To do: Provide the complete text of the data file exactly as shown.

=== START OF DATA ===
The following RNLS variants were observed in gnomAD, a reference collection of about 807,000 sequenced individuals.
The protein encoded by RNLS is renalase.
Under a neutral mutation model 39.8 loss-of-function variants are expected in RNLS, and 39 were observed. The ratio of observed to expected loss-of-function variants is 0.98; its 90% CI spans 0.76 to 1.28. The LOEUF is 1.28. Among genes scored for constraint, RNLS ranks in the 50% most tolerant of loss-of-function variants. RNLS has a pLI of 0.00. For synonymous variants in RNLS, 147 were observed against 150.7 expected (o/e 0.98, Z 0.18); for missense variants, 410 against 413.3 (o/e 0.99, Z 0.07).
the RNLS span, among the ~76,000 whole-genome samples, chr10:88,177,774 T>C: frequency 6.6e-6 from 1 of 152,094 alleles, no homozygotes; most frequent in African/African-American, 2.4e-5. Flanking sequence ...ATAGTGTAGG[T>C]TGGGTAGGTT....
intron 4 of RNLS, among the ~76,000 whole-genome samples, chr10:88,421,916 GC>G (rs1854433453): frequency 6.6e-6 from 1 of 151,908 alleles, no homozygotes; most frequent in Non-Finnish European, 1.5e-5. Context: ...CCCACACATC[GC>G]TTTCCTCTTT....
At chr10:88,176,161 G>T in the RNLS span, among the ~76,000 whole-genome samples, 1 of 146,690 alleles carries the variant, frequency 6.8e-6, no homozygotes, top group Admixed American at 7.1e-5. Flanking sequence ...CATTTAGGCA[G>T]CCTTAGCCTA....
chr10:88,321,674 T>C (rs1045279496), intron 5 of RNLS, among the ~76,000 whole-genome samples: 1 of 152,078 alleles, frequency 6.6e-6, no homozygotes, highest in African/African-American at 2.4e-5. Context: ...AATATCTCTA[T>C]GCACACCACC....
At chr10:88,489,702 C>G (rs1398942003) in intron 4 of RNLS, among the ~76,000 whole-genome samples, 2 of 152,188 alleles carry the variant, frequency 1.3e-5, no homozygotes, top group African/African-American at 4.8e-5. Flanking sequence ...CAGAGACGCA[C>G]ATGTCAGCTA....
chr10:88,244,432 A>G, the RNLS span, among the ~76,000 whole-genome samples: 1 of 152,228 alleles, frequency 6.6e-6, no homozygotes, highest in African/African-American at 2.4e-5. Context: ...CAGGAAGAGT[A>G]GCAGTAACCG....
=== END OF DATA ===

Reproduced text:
The following RNLS variants were observed in gnomAD, a reference collection of about 807,000 sequenced individuals.
The protein encoded by RNLS is renalase.
Under a neutral mutation model 39.8 loss-of-function variants are expected in RNLS, and 39 were observed. The ratio of observed to expected loss-of-function variants is 0.98; its 90% CI spans 0.76 to 1.28. The LOEUF is 1.28. Among genes scored for constraint, RNLS ranks in the 50% most tolerant of loss-of-function variants. RNLS has a pLI of 0.00. For synonymous variants in RNLS, 147 were observed against 150.7 expected (o/e 0.98, Z 0.18); for missense variants, 410 against 413.3 (o/e 0.99, Z 0.07).
the RNLS span, among the ~76,000 whole-genome samples, chr10:88,177,774 T>C: frequency 6.6e-6 from 1 of 152,094 alleles, no homozygotes; most frequent in African/African-American, 2.4e-5. Flanking sequence ...ATAGTGTAGG[T>C]TGGGTAGGTT....
intron 4 of RNLS, among the ~76,000 whole-genome samples, chr10:88,421,916 GC>G (rs1854433453): frequency 6.6e-6 from 1 of 151,908 alleles, no homozygotes; most frequent in Non-Finnish European, 1.5e-5. Context: ...CCCACACATC[GC>G]TTTCCTCTTT....
At chr10:88,176,161 G>T in the RNLS span, among the ~76,000 whole-genome samples, 1 of 146,690 alleles carries the variant, frequency 6.8e-6, no homozygotes, top group Admixed American at 7.1e-5. Flanking sequence ...CATTTAGGCA[G>T]CCTTAGCCTA....
chr10:88,321,674 T>C (rs1045279496), intron 5 of RNLS, among the ~76,000 whole-genome samples: 1 of 152,078 alleles, frequency 6.6e-6, no homozygotes, highest in African/African-American at 2.4e-5. Context: ...AATATCTCTA[T>C]GCACACCACC....
At chr10:88,489,702 C>G (rs1398942003) in intron 4 of RNLS, among the ~76,000 whole-genome samples, 2 of 152,188 alleles carry the variant, frequency 1.3e-5, no homozygotes, top group African/African-American at 4.8e-5. Flanking sequence ...CAGAGACGCA[C>G]ATGTCAGCTA....
chr10:88,244,432 A>G, the RNLS span, among the ~76,000 whole-genome samples: 1 of 152,228 alleles, frequency 6.6e-6, no homozygotes, highest in African/African-American at 2.4e-5. Context: ...CAGGAAGAGT[A>G]GCAGTAACCG....